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Euler's identity

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Euler's identity, a special case of Euler's formula, is the following:

<math>e^{i \pi} + 1 = 0</math>

The equation appears in Leonhard Euler's Introductio, published in Lausanne in 1748. In this equation, e is the base of the natural logarithm, <math>i</math> is the imaginary unit (an imaginary number with the property i² = -1), and <math>\pi</math> is Archimedes' constant pi (π, the ratio of the circumference of a circle to its diameter).

It was called "the most remarkable formula in mathematics" by Richard Feynman. Feynman found this formula remarkable because it links some very fundamental mathematical constants:

  • The numbers 0 and 1 are elementary for counting and arithmetic.
  • The number <math>\pi</math> is a constant related to our world being Euclidean, on small scales at least (otherwise, the ratio of the length of the circumference of circle to its diameter would not be a universal constant, i.e. the same for all circumferences).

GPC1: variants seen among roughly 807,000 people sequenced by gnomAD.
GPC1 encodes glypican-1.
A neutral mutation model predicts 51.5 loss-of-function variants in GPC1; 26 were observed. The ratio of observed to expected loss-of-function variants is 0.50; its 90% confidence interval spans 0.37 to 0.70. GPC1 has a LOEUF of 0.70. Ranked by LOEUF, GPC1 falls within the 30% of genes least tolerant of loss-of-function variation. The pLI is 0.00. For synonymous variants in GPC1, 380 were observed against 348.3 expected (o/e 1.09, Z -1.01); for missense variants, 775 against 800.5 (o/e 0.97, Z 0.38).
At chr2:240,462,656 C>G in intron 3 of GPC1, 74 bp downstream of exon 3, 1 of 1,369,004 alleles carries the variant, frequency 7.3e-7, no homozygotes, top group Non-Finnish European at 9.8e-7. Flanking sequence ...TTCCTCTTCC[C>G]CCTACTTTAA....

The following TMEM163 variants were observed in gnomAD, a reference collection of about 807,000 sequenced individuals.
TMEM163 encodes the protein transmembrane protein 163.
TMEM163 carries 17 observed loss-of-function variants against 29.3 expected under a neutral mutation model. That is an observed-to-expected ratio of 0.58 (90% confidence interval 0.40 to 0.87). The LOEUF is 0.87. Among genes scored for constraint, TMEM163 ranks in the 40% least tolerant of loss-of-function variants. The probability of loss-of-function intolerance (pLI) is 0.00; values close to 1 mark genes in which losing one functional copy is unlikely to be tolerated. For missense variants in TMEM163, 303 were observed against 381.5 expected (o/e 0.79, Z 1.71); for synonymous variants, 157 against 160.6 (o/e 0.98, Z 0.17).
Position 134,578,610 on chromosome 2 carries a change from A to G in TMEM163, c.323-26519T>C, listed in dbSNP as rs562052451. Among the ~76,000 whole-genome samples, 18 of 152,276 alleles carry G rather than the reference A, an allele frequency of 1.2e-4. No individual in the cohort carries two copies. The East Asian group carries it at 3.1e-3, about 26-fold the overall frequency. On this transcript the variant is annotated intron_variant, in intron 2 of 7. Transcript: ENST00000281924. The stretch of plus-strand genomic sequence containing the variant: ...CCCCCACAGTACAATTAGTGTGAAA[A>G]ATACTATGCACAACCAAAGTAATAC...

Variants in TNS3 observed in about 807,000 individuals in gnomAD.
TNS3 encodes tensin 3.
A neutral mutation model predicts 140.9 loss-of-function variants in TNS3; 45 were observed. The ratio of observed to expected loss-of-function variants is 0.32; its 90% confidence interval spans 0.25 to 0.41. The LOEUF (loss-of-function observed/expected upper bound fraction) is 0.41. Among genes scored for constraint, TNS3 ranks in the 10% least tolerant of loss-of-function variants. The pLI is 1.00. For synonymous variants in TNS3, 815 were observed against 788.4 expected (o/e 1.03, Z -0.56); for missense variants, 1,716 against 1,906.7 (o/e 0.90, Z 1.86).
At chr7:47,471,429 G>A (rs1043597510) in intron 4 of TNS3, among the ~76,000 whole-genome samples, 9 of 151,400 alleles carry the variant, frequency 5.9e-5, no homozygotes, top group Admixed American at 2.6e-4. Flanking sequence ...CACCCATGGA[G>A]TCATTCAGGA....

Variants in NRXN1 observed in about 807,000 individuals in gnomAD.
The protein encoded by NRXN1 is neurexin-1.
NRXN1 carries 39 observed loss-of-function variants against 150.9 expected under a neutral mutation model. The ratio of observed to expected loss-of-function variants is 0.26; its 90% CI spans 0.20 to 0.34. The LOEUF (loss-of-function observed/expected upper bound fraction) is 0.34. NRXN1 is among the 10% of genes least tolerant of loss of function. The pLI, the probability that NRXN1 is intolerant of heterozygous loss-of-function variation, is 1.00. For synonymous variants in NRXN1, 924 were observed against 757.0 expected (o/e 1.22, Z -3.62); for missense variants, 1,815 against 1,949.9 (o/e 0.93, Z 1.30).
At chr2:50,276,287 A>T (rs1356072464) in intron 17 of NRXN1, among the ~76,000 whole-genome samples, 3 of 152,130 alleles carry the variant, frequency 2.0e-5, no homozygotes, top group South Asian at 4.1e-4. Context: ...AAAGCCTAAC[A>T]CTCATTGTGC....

• The number <math>e</math> is important in describing growth behaviors, as the simplest solution to the simplest growth equation <math>dy / dx = y</math> is <math>y = e^x</math>.
  • Finally, the imaginary unit <math>i</math> was introduced to ensure that all non-constant polynomial equations would have solutions (see Fundamental Theorem of Algebra).

The formula also involves the fundamental arithmetical operations of addition, multiplication and exponentiation.

The formula is a special case of Euler's formula from complex analysis, which states that

<math>e^{ix} = \cos x + i \sin x</math>

for any real number <math>x</math>. If we set <math>x = \pi</math>, then

<math>e^{i \pi} = \cos \pi + i \sin \pi,</math>

and since cos(π) = -1 and sin(π) = 0, we get

<math>e^{i \pi} = -1</math>

and

<math>e^{i \pi} + 1 = 0.</math>

References

  • Feynman RP - The Feynman Lectures on Physics, vol. I - part 1. Inter European Editions, Amsterdam (1975)



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